Many of you may remember the main character and father, Tevye, in the movie, “Fiddler on the Roof.” Tevye and his wife had five daughters. During the course of the film, the oldest daughter falls in love and marries.
The second daughter also falls in love with a young man who is later arrested for political activism and is sent to a prison camp in Siberia. It is a poignant and emotional scene, as we watch Tevye and this second daughter embrace at the train station as she is about to board a train to join her husband-to-be in this very distant land. Tevye and his wife will soon leave to live in America.
Both father and daughter realize that they are not likely to ever see each other again in this mortal life. Communication of any kind does not seem a possibility.
This scene from “Fiddler on the Roof” has touched me for many years. I thought of it again recently when I walked by my visiting daughter’s bedroom and paused to watch as she video-chatted with her husband who had not seen their ten-day-old baby in 24 hours. The contrast between the two experiences was amazing to me as I contemplated the miracle of today’s technology, which allows us to be only moments away from an audio-visual communication experience with loved ones who are located almost anywhere in the world.
Last year, I had the privilege of being part of a Mormon Channel episode with former Sunday School general president, Brother Russell T. Osguthorpe, and his wife, Loly. They shared with listeners some different ways in which they stay in touch with their children and grandchildren, many of whom are scattered across the United States. Sister Osguthorpe, an accomplished pianist, teaches piano lessons through technology to several grandchildren on a weekly basis from across the country. On occasion, Brother and Sister Osguthorpe enjoy a Sunday meal with several of their children and their families via video Internet connection!
President Spencer W. Kimball prophesied in 1974: “The Lord will lay in our hand inventions which we can scarcely conceive whereby we will be able to bring the gospel to the peoples of the world. ... I have faith that the Lord will open doors when we have done everything in our power. I believe that the Lord is anxious to put into our hands inventions of which we laymen have hardly had a glimpse. ... We shall use the inventions ... to awaken interest and acquaint people of the world with the truths [of the gospel of Jesus Christ].”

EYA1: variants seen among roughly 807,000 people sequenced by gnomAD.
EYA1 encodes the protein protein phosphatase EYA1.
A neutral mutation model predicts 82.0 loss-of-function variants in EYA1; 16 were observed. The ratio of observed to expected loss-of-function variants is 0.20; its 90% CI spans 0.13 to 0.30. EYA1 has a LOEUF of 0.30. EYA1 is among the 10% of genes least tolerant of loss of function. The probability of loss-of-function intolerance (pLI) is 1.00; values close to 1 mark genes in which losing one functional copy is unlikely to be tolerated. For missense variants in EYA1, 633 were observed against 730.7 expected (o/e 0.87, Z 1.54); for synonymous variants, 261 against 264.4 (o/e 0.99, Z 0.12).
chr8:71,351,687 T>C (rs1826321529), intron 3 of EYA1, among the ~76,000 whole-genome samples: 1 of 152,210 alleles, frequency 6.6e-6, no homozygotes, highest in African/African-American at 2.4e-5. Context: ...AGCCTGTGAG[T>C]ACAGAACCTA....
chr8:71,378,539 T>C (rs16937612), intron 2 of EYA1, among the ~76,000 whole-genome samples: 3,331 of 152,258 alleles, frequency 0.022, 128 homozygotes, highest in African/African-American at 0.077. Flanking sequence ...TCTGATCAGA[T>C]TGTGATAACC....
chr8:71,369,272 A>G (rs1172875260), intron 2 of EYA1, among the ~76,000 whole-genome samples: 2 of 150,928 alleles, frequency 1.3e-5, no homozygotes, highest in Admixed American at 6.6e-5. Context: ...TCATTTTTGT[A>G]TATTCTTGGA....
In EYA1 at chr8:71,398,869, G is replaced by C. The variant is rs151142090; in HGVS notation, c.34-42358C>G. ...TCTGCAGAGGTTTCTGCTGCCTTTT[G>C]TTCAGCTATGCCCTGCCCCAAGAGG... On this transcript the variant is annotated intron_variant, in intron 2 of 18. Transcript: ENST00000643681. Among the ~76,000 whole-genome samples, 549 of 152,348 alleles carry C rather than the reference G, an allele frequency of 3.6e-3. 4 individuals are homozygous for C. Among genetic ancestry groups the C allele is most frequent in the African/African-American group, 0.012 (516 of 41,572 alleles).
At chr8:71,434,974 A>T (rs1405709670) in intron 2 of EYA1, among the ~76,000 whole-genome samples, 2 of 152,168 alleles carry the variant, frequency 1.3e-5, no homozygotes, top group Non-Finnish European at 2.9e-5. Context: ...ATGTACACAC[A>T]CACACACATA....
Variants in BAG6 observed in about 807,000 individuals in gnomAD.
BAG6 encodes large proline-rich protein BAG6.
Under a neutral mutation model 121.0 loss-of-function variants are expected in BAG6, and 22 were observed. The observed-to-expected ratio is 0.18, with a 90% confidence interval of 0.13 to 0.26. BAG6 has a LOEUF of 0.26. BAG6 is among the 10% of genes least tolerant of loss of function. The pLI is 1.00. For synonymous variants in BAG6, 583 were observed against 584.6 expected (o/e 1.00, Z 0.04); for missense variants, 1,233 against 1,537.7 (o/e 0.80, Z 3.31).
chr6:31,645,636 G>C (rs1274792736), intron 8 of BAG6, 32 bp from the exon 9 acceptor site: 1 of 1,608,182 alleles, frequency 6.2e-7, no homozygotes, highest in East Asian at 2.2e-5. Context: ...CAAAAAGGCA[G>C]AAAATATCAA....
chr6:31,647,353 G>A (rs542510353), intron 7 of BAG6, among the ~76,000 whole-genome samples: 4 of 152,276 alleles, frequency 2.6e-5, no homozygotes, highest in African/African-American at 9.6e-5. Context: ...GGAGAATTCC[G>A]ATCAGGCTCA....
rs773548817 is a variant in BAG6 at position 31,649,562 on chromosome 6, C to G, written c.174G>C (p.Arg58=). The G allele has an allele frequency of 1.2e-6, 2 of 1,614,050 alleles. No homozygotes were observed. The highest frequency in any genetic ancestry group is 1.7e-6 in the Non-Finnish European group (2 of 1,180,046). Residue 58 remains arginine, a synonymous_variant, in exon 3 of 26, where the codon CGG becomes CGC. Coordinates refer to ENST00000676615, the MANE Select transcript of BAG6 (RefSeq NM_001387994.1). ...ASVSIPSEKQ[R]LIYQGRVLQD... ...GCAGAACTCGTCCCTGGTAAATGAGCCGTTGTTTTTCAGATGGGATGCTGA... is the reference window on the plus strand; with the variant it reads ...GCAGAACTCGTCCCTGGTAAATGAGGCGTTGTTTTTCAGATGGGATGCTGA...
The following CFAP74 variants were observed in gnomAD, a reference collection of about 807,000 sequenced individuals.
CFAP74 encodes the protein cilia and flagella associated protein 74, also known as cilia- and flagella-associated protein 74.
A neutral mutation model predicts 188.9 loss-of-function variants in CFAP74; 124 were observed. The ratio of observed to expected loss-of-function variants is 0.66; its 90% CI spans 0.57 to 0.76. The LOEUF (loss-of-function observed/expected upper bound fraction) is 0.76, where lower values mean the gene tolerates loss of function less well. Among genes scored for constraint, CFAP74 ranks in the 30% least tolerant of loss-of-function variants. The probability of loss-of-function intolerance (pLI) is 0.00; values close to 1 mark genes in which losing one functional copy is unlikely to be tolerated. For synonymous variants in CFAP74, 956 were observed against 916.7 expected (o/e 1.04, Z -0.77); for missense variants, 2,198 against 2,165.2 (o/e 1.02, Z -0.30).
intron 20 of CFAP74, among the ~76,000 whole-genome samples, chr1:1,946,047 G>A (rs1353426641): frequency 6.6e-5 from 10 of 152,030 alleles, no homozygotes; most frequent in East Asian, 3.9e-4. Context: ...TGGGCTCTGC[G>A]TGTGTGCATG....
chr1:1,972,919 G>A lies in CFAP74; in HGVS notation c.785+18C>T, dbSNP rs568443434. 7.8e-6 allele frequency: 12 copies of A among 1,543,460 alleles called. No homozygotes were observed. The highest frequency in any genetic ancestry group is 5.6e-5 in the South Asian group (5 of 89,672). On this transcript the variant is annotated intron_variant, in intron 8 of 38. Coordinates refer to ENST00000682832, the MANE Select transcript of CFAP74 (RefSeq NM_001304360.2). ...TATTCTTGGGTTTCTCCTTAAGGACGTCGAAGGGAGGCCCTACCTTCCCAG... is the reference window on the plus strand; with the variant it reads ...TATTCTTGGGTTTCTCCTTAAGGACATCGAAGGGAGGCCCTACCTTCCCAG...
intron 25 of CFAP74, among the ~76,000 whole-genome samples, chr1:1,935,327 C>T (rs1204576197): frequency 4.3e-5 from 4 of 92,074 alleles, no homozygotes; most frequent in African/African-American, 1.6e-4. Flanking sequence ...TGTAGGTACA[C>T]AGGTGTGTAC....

We have made giant strides in discovering ways to communicate more effectively through electronic devices with loved ones, friends, teachers and business associates. In this day of increasing communication with each other, a very important question to ask might be, “How is our communication with our Father in Heaven? Has our communication with Him improved? Do we speak with Him more often, or less? How effective is our communication?”
We often spend untold hours communicating with other people at an almost daily increasing rate. Are we not humbled to realize that our Father in Heaven has always offered us, from the time of Adam and Eve, the power to communicate with Him through prayer? Are we not in awe that the Creator of the universe, the God of heaven and earth, encourages us to pray to Him at any time, in any place and for any amount of time? We do not have to wait in line nor pay a monthly fee. We don’t have to plug in a charger or be concerned with time zones. We have been given an unlimited amount of “anytime minutes.”
Do we not marvel as we recognize that when we pray, our Father in Heaven is able to give us His full attention — without any other distractions? He see us, listens, empathizes and pours out His love and His Spirit upon us. We can communicate with our Father whether we are able to kneel before Him or can speak to Him only through our hearts and minds. We can be assured that He is listening and can answer us through impressions from the Holy Ghost.
Amulek, in the Book of Mormon, has given us instruction regarding prayer, “Yea ... begin to exercise your faith unto repentance, that ye begin to call upon his holy name ... Yea, cry unto him for mercy; for he is mighty to save. Yea ... pray unto him both morning, mid-day and evening ... Yea, and when you do not cry unto The Lord, let your hearts be full, drawn out in prayer unto him continually for your welfare, and also for the welfare of those who are around you” (Alma 34:17, 18, 21, 27).
As each of us uses the incredible gift of communicating through technology with others, made available to us through the inspiration of the Holy Ghost, may we express our gratitude to our Heavenly Father, as we use it wisely. Much more important, may we dedicate ourselves to communicating more often, with Him, through heartfelt and sincere prayer — the form of communication that our Father in Heaven has so lovingly given to His children.
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